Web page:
A wide variety of films have taken home the coveted Best Picture Academy Award since Wings way back in the 1920s – when it only had to defeat two other films to win. But are they really that varied? Or does the Academy just like to reward certain types of film, whether or not the public agrees? With this in mind, let’s take a look at the films that have won an Oscar for Best Picture since 2000, and play spot the trend.
In reverse chronological order, the Oscar went to…
There are some real gems on that list, but also quite a few movies that are likely to make you wonder what the Academy were thinking. But when we take a closer look at what unites this apparently eclectic film collection, it might become clear – or clearer, anyway! So with this in mind, I’ve put together some handy tips on how to win a Best Picture Oscar.
Warning: this method is not fool-proof and your film still has to be good quality! But why not give it a go yourself? All you need is some expensive equipment, a well-chosen and talented cast and crew, and money to burn…
Rule 1: Make a film about “one man’s struggle”
Look at Russell Crowe in Gladiator and A Beautiful Mind, two extremely different movies that seem to have nothing really in common except the lead actor… on the surface. But they’re both about a male protagonist struggling – whether that’s using his mathematical knowledge as a cryptographer while battling paranoid schizophrenia or fighting to survive against dangerous animals and crazed Joaquin Phoenix in an Ancient Roman arena. It’s one man’s struggle. And more recent films have been successful too by exploring the same idea. Birdman is about Michael Keaton’s washed-up actor struggling to make a comeback. The King’s Speech sees King George VI (Colin Firth) trying to overcome his speech impediment. In Slumdog Millionaire, Dev Patel’s character Jamal Malik wants to escape his impoverished background through a well-known TV show. 12 Years a Slave does what it says on the tin.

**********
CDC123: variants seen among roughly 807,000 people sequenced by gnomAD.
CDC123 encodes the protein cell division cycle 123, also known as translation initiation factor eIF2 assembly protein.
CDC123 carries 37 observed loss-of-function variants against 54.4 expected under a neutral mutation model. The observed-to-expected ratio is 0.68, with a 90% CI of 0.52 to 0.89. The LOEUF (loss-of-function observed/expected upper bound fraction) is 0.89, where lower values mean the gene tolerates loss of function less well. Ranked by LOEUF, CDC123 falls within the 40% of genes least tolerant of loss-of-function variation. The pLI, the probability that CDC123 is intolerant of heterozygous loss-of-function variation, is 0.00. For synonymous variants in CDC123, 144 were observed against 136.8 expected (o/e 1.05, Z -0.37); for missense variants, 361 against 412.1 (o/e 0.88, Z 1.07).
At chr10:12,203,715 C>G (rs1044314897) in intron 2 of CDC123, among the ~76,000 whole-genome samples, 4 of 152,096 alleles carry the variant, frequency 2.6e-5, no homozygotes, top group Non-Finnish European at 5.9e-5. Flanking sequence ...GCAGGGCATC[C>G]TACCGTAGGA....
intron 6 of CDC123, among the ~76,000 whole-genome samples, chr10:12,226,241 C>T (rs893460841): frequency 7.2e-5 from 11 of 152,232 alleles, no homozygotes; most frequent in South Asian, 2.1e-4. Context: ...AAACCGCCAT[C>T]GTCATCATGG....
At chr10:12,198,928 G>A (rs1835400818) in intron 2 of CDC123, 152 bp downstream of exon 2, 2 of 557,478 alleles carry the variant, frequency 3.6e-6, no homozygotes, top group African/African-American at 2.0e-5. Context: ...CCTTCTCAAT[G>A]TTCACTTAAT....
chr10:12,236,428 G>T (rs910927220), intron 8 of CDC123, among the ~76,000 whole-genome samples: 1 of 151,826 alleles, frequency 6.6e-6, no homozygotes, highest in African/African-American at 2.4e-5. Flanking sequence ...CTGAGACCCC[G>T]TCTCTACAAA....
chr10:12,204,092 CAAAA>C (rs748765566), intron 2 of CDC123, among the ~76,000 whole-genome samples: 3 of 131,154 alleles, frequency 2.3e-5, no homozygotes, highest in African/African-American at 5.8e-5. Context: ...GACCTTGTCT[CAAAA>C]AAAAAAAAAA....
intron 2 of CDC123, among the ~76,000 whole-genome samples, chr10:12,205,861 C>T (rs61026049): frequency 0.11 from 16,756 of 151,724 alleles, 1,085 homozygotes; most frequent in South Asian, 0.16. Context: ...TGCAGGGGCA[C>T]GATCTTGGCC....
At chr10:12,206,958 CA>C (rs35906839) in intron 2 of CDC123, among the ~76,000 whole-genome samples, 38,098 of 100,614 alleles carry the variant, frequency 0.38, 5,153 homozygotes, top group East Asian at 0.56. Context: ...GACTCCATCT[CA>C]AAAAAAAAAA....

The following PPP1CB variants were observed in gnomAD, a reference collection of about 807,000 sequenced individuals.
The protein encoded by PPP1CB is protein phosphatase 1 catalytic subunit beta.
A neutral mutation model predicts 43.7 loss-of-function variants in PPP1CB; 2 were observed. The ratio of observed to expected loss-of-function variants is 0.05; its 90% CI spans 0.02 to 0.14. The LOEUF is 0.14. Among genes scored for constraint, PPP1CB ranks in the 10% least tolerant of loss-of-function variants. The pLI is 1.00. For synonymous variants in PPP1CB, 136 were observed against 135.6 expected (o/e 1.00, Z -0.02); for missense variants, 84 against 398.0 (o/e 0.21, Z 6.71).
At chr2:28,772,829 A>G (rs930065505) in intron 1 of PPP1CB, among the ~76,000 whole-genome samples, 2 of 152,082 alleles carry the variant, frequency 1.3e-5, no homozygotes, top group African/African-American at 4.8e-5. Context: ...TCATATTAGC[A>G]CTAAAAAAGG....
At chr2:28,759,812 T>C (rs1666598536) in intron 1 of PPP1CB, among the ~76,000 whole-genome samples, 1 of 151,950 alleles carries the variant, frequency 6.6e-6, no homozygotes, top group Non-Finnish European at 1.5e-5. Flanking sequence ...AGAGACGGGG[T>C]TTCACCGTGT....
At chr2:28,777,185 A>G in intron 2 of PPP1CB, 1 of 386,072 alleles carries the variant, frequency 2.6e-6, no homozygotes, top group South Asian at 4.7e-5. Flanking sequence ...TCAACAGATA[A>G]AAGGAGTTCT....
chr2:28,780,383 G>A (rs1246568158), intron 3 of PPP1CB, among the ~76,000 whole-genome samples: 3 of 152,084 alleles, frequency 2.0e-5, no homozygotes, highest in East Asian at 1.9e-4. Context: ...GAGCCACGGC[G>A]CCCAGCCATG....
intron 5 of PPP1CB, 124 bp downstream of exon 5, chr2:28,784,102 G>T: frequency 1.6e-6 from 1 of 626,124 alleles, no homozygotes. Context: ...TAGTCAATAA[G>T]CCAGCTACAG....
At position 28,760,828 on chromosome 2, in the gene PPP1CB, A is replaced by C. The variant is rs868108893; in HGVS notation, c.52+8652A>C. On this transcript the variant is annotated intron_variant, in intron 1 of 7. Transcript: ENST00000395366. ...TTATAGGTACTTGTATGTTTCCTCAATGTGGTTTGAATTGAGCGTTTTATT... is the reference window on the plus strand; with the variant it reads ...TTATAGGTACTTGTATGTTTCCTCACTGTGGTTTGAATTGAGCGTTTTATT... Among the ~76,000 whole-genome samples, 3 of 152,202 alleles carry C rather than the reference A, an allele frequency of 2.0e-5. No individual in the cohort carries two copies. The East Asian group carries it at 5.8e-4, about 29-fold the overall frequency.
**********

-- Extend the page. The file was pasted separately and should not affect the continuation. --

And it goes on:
Even Million Dollar Baby is about one person’s struggle – it just happens to be a female boxer (Hilary Swank) on this occasion, but she sure is fighting – as you might expect.
The lesson? The Academy want to see a man brought low. They want to kick him while he’s down (maybe an exaggeration). And then they want you to make a Best Picture winner out of his story. It’ll help if you can get Russell Crowe to play him, but is not essential.
Rule 2: Don’t make a “genre” film
The Academy very very rarely gives the Best Picture prize to a science-fiction or horror film. And unless you’re Lord of the Rings, fantasy films don’t get much love either. Even Peter Jackson had to wait until his third instalment to get the award for Return of the King. You wouldn’t call most of the films on the above list comedies either, unless you’ve got a particularly twisted sense of humour, although some of them do have funny elements (the witty backbiting dialogue in Birdman, the jazzy songs in Chicago, the idea of Russell Crowe as a maths genius – sorry Russell!). So if you want this award, its pure drama all the way. The Academy seem to love a bit of high-stakes thrilling action, like The Hurt Locker and No Country for Old Men. I guess they’re a bloodthirsty lot…